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From: madvenka@linux.microsoft.com
To: kernel-hardening@lists.openwall.com, linux-api@vger.kernel.org,
	linux-arm-kernel@lists.infradead.org,
	linux-fsdevel@vger.kernel.org, linux-integrity@vger.kernel.org,
	linux-kernel@vger.kernel.org,
	linux-security-module@vger.kernel.org, oleg@redhat.com,
	x86@kernel.org, madvenka@linux.microsoft.com
Subject: [PATCH v1 0/4] [RFC] Implement Trampoline File Descriptor
Date: Tue, 28 Jul 2020 08:10:46 -0500
Message-ID: <20200728131050.24443-1-madvenka@linux.microsoft.com> (raw)
In-Reply-To: <aefc85852ea518982e74b233e11e16d2e707bc32>

From: "Madhavan T. Venkataraman" <madvenka@linux.microsoft.com>

Introduction
------------

Trampolines are used in many different user applications. Trampoline
code is often generated at runtime. Trampoline code can also just be a
pre-defined sequence of machine instructions in a data buffer.

Trampoline code is placed either in a data page or in a stack page. In
order to execute a trampoline, the page it resides in needs to be mapped
with execute permissions. Writable pages with execute permissions provide
an attack surface for hackers. Attackers can use this to inject malicious
code, modify existing code or do other harm.

To mitigate this, LSMs such as SELinux may not allow pages to have both
write and execute permissions. This prevents trampolines from executing
and blocks applications that use trampolines. To allow genuine applications
to run, exceptions have to be made for them (by setting execmem, etc).
In this case, the attack surface is just the pages of such applications.

An application that is not allowed to have writable executable pages
may try to load trampoline code into a file and map the file with execute
permissions. In this case, the attack surface is just the buffer that
contains trampoline code. However, a successful exploit may provide the
hacker with means to load his own code in a file, map it and execute it.

LSMs (such as the IPE proposal [1]) may allow only properly signed object
files to be mapped with execute permissions. This will prevent trampoline
files from being mapped. Again, exceptions have to be made for genuine
applications.

We need a way to execute trampolines without making security exceptions
where possible and to reduce the attack surface even further.

Examples of trampolines
-----------------------

libffi (A Portable Foreign Function Interface Library):

libffi allows a user to define functions with an arbitrary list of
arguments and return value through a feature called "Closures".
Closures use trampolines to jump to ABI handlers that handle calling
conventions and call a target function. libffi is used by a lot
of different applications. To name a few:

	- Python
	- Java
	- Javascript
	- Ruby FFI
	- Lisp
	- Objective C

GCC nested functions:

GCC has traditionally used trampolines for implementing nested
functions. The trampoline is placed on the user stack. So, the stack
needs to be executable.

Currently available solution
----------------------------

One solution that has been proposed to allow trampolines to be executed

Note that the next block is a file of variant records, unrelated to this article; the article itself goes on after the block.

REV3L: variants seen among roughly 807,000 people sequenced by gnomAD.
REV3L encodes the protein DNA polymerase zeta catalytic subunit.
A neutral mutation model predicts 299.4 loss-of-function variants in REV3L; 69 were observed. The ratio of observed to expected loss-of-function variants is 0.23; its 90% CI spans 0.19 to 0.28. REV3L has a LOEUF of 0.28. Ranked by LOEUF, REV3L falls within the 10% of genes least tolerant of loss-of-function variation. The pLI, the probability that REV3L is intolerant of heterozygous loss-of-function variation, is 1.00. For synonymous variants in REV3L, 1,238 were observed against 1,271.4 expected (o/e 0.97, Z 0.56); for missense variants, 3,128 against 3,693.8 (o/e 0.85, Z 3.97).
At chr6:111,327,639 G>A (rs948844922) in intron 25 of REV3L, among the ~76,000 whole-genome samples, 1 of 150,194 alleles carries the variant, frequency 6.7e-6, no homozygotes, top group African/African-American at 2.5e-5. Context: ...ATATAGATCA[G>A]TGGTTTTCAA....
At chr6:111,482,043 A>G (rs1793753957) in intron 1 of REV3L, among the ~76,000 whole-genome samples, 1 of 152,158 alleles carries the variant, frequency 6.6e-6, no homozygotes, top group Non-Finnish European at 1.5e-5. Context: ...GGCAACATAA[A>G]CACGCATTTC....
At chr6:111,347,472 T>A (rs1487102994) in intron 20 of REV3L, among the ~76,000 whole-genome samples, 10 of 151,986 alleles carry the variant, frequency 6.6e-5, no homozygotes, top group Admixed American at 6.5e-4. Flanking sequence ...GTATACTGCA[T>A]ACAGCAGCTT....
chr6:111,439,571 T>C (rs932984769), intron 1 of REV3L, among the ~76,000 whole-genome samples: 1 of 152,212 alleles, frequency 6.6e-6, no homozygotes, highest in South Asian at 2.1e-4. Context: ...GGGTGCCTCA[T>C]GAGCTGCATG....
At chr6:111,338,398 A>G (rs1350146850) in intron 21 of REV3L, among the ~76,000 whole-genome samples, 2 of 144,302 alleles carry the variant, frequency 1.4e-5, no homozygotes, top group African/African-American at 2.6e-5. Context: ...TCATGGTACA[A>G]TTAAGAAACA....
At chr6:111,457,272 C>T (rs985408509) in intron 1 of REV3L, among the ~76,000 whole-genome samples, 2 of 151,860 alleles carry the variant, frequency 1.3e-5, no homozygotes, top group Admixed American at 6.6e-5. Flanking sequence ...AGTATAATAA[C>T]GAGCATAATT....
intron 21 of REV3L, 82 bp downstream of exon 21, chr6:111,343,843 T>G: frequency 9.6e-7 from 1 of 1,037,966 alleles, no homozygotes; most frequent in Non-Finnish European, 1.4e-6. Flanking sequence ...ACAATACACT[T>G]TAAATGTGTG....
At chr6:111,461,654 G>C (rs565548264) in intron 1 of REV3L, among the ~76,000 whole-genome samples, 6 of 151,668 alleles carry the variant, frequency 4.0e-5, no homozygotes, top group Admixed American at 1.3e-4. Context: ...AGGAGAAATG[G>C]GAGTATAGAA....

without making security exceptions is Trampoline Emulation. See:

https://pax.grsecurity.net/docs/emutramp.txt

In this solution, the kernel recognizes certain sequences of instructions
as "well-known" trampolines. When such a trampoline is executed, a page
fault happens because the trampoline page does not have execute permission.
The kernel recognizes the trampoline and emulates it. Basically, the
kernel does the work of the trampoline on behalf of the application.

Here, the attack surface is the buffer that contains the trampoline.
The attack surface is narrower than before. A hacker may still be able to
modify what gets loaded in the registers or modify the target PC to point
to arbitrary locations.

Currently, the emulated trampolines are the ones used in libffi and GCC
nested functions. To my knowledge, only X86 is supported at this time.

As noted in emutramp.txt, this is not a generic solution. For every new
trampoline that needs to be supported, new instruction sequences need to
be recognized by the kernel and emulated. And this has to be done for
every architecture that needs to be supported.

emutramp.txt notes the following:

"... the real solution is not in emulation but by designing a kernel API
for runtime code generation and modifying userland to make use of it."

Trampoline File Descriptor (trampfd)
--------------------------

I am proposing a kernel API using anonymous file descriptors that
can be used to create and execute trampolines with the help of the
kernel. In this solution also, the kernel does the work of the trampoline.
The API is described in patch 1/4 of this patchset. I provide a
summary here:

Trampolines commonly execute the following sequence:

	- Load some values in some registers and/or
	- Push some values on the stack
	- Jump to a target PC

libffi and GCC nested function trampolines fit into this model.

Using the kernel API, applications and libraries can:

	- Create a trampoline object
	- Associate a register context with the trampoline (including
	  a target PC)
	- Associate a stack context with the trampoline
	- Map the trampoline into a process address space
	- Execute the trampoline by executing at the trampoline address